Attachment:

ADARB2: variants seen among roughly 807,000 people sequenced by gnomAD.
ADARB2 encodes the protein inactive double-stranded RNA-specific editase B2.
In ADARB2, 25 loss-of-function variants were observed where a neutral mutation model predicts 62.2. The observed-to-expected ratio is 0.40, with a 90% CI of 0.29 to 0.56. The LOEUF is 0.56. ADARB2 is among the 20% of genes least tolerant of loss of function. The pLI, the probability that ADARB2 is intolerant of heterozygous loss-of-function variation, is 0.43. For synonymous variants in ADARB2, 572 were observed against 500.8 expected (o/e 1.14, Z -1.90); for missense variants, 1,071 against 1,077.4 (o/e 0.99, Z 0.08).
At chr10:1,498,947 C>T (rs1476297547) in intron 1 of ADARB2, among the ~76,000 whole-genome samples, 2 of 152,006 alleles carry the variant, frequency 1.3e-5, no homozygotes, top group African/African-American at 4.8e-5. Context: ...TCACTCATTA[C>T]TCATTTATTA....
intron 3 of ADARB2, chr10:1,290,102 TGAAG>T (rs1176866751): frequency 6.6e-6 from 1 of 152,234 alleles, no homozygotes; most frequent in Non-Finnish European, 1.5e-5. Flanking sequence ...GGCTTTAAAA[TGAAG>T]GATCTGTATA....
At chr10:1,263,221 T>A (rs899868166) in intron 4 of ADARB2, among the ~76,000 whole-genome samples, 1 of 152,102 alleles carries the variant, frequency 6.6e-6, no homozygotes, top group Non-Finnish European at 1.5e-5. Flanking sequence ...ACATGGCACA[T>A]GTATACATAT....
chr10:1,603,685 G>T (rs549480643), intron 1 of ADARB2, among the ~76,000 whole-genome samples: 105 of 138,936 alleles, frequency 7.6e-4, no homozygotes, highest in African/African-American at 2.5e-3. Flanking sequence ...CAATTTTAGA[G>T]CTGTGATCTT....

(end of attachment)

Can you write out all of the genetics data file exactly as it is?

ADARB2: variants seen among roughly 807,000 people sequenced by gnomAD.
ADARB2 encodes the protein inactive double-stranded RNA-specific editase B2.
In ADARB2, 25 loss-of-function variants were observed where a neutral mutation model predicts 62.2. The observed-to-expected ratio is 0.40, with a 90% CI of 0.29 to 0.56. The LOEUF is 0.56. ADARB2 is among the 20% of genes least tolerant of loss of function. The pLI, the probability that ADARB2 is intolerant of heterozygous loss-of-function variation, is 0.43. For synonymous variants in ADARB2, 572 were observed against 500.8 expected (o/e 1.14, Z -1.90); for missense variants, 1,071 against 1,077.4 (o/e 0.99, Z 0.08).
At chr10:1,498,947 C>T (rs1476297547) in intron 1 of ADARB2, among the ~76,000 whole-genome samples, 2 of 152,006 alleles carry the variant, frequency 1.3e-5, no homozygotes, top group African/African-American at 4.8e-5. Context: ...TCACTCATTA[C>T]TCATTTATTA....
intron 3 of ADARB2, chr10:1,290,102 TGAAG>T (rs1176866751): frequency 6.6e-6 from 1 of 152,234 alleles, no homozygotes; most frequent in Non-Finnish European, 1.5e-5. Flanking sequence ...GGCTTTAAAA[TGAAG>T]GATCTGTATA....
At chr10:1,263,221 T>A (rs899868166) in intron 4 of ADARB2, among the ~76,000 whole-genome samples, 1 of 152,102 alleles carries the variant, frequency 6.6e-6, no homozygotes, top group Non-Finnish European at 1.5e-5. Flanking sequence ...ACATGGCACA[T>A]GTATACATAT....
chr10:1,603,685 G>T (rs549480643), intron 1 of ADARB2, among the ~76,000 whole-genome samples: 105 of 138,936 alleles, frequency 7.6e-4, no homozygotes, highest in African/African-American at 2.5e-3. Flanking sequence ...CAATTTTAGA[G>T]CTGTGATCTT....